The location of New Westminster, at the edge of the forest, necessitated a large amount of labour and money to clear trees and lay out streets, which became a significant burden to the colonial budget when the imperial government shackled the colony with half of the cost of the Royal Engineers.[5] Governor Douglas spent little time in New Westminster and had little affection for the city; and the feelings were amply repaid by the citizens of New Westminster who avidly supported Colonel Moody's city-building efforts and castigated the governor who preferred to remain for the most part isolated in distant Victoria.[6] In contrast to Victoria, where settlers from England had established a strong British presence, New Westminster's early citizens were largely Canadians and Maritimers, who brought a more business-oriented approach to commerce and dismissed the pretensions of the older community. Despite being granted a municipal council, the mainlanders in New Westminster also pressed for a legislative assembly to be created for British Columbia.[7] and were infuriated when Governor Douglas granted free port status to Victoria, which stifled the economic growth of the Fraser River city.[8] Moreover, to pay for the expense of building roads into the Interior of the colony, Douglas imposed duties on imports into New Westminster.

In 1866, the colonies of British Columbia and Vancouver Island were united as "British Columbia". However, the capital of the Colony of Vancouver Island, Victoria, located on the southern tip of Vancouver Island, was made the capital of the newly amalgamated Colony of British Columbia, following a vote in the House of Assembly. On the day of the vote one member of the assembly, William Cox, (the colony's Gold Commissioner and a Victoria supporter), shuffled the pages of the speech that William Franklyn from Nanaimo, (a New Westminster supporter) intended to give, so that Franklyn lost his place and read the first paragraph three times. Cox then popped the lenses of Franklyn's glasses from their frames so that the Nanaimo representative could see nothing at all of his speech. After a recess to settle the resulting uproar and allow the member from Nanaimo a chance to sort out his speaking notes and his spectacles, on the members' return to the House of Assembly, the Speaker John Sebastian Helmcken (from Victoria) refused to allow Franklyn a "second" chance to speak. The subsequent vote was 13 to 8 against New Westminster.[9]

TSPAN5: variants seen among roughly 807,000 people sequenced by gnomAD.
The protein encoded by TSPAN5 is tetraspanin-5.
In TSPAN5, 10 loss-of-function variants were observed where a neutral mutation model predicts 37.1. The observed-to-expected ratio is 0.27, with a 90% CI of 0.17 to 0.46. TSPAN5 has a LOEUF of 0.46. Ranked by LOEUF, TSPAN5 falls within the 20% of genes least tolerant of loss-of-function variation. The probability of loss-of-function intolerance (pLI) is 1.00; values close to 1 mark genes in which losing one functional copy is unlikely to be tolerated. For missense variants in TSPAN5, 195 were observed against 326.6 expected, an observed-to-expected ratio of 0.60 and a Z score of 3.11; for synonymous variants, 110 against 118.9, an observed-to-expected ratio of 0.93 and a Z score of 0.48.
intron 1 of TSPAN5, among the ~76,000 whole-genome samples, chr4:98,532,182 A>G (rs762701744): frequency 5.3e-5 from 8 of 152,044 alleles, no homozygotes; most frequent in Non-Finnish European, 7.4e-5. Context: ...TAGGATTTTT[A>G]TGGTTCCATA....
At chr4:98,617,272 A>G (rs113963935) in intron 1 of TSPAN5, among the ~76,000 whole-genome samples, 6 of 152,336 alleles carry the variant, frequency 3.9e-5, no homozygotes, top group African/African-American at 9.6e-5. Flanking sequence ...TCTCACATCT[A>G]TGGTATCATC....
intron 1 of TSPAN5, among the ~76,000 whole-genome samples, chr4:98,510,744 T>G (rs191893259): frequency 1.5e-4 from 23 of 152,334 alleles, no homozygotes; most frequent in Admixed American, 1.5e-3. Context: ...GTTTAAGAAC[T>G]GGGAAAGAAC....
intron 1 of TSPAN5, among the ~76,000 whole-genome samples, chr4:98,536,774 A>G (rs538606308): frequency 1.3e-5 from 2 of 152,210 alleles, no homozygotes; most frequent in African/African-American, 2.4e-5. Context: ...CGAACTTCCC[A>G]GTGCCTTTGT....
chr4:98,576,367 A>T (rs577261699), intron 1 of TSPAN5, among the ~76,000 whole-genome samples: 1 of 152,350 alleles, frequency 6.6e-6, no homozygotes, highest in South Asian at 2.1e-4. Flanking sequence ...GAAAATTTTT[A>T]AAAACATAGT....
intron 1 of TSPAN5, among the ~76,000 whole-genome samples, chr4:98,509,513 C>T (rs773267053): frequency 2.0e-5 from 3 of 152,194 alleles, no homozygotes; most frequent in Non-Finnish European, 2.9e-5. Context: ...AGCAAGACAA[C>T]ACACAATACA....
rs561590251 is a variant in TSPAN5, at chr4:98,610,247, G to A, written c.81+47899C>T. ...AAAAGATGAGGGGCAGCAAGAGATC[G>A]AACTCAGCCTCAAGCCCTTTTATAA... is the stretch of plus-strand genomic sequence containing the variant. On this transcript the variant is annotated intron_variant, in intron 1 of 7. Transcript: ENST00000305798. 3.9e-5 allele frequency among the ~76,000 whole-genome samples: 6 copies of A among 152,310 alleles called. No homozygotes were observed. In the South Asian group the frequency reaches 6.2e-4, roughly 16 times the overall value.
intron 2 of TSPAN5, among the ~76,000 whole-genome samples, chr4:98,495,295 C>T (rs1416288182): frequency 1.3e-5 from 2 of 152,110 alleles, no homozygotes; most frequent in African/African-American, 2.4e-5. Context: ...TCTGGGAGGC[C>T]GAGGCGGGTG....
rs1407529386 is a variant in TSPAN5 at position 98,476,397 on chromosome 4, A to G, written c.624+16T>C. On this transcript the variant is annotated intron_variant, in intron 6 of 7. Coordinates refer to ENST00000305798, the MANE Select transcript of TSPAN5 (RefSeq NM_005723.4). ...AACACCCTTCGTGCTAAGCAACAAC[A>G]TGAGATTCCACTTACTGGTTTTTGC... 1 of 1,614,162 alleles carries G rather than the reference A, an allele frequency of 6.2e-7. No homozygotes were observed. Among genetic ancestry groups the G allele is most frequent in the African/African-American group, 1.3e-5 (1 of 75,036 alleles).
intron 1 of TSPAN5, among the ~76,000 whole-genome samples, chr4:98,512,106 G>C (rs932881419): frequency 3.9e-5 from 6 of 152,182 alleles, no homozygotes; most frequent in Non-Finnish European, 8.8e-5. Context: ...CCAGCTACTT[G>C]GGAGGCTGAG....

With the entry of British Columbia into the Dominion of Canada in 1871, as the sixth province, New Westminster's economic prospects improved, but the Royal City would lose out again, this time to the new railway terminus town of Vancouver, when the Canadian Pacific Railway was extended to the shores of Burrard Inlet, even though the railway did reach New Westminster in 1886. In 1879, the federal government allocated three reserves to the Qayqayt Indian Band, including 104 acres of the South Westminster Reserve, 22 acres on the north arm of the Fraser River and 27 acres on Poplar Island.[10] A smallpox epidemic devastated the Qayqayt reducing the band members from about 400 people to under 100. Many of the remaining Qayqayt were assimilated into other local reserves, such as the neighbouring Musqueam Indian Band. Their reserve on Poplar Island was turned into an Aboriginal smallpox victim quarantine area. For decades, the Poplar Island reserve was designated as belonging to "all coast tribes".[11] In 1913 the federal government seized most of the New Westminster Band's reserve lands.[12] In 1916 the remaining land on Popular Island was turned over to the BC Government. Twelve years earlier in 1898 a devastating fire destroyed the downtown of New Westminster.[13]